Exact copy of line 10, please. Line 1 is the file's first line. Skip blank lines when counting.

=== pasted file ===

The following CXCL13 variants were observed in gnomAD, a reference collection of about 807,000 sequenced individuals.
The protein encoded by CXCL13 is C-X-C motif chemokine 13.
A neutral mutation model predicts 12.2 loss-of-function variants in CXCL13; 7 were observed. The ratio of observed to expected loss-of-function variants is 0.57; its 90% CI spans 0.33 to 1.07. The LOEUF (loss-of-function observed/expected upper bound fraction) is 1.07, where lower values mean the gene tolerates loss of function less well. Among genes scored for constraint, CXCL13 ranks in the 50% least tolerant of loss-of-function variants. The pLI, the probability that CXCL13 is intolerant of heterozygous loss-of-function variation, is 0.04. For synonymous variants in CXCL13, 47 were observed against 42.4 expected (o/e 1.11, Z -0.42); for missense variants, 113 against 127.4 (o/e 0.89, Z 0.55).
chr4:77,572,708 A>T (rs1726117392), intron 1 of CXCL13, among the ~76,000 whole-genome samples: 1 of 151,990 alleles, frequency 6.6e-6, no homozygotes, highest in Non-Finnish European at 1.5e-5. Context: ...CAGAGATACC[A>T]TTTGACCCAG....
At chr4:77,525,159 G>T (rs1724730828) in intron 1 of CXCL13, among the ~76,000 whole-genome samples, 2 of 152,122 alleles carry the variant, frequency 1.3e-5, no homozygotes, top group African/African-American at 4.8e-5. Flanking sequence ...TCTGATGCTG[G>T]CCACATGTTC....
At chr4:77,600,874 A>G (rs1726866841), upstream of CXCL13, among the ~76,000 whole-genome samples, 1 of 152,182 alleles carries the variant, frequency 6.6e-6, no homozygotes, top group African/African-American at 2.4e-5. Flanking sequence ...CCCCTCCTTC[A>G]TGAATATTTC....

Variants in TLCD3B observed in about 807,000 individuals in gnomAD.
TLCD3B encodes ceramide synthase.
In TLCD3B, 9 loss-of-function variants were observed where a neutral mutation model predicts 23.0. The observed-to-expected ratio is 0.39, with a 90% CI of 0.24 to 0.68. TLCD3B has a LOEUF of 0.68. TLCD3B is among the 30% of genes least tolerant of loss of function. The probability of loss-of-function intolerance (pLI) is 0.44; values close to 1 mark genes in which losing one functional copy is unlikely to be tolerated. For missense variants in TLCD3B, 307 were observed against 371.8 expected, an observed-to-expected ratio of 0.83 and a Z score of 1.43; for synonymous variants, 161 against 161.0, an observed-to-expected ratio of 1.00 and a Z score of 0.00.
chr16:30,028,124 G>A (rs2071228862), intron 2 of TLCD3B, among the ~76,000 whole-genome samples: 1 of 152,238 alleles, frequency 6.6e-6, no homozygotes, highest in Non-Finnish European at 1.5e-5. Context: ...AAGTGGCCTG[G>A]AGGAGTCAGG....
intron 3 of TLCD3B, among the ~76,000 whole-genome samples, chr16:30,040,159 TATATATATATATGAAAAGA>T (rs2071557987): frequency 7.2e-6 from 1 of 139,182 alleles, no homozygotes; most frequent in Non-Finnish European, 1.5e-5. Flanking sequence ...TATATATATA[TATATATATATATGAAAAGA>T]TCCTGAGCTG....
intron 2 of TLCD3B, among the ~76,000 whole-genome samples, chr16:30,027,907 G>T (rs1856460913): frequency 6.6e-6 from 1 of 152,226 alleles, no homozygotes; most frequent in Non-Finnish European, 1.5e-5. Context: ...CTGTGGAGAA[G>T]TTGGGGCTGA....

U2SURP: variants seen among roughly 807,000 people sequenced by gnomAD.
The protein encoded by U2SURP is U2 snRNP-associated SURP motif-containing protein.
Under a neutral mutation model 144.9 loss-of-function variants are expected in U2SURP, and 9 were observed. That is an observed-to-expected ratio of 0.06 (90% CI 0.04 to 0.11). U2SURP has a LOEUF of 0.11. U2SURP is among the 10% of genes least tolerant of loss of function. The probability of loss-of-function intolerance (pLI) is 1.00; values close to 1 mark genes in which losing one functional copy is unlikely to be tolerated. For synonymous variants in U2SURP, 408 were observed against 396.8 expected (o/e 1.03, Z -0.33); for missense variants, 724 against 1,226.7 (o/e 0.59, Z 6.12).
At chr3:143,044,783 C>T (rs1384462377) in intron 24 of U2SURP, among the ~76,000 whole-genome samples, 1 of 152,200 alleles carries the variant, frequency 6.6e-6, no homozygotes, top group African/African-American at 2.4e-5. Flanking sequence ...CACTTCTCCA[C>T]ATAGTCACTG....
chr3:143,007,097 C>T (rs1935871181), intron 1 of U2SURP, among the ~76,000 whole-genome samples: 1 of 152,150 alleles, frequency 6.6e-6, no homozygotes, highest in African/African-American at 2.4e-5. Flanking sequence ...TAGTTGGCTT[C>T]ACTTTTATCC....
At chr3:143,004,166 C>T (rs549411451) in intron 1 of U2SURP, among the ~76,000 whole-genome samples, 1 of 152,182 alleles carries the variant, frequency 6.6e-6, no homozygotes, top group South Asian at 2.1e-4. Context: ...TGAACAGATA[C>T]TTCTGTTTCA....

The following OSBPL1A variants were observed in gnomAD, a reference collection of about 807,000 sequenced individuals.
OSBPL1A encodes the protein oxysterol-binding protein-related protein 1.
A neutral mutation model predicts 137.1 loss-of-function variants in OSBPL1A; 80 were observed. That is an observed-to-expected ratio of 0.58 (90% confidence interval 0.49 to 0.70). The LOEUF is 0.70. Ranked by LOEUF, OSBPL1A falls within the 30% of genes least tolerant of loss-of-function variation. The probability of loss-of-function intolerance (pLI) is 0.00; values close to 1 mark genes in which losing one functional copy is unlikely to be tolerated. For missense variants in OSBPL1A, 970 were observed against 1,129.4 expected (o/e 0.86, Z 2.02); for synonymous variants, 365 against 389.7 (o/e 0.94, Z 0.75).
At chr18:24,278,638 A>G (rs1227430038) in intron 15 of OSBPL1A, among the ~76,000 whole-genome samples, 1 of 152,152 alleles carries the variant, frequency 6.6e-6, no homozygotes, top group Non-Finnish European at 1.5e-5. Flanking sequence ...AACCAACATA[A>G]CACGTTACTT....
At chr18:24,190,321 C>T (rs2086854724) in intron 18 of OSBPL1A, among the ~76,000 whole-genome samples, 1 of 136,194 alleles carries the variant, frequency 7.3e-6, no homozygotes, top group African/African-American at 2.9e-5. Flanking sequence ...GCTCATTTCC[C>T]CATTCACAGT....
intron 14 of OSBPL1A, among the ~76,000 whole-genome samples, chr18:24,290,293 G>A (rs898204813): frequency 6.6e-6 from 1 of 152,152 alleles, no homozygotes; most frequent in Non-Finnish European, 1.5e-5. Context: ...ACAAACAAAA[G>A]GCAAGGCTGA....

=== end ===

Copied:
chr16:30,028,124 G>A (rs2071228862), intron 2 of TLCD3B, among the ~76,000 whole-genome samples: 1 of 152,238 alleles, frequency 6.6e-6, no homozygotes, highest in Non-Finnish European at 1.5e-5. Context: ...AAGTGGCCTG[G>A]AGGAGTCAGG....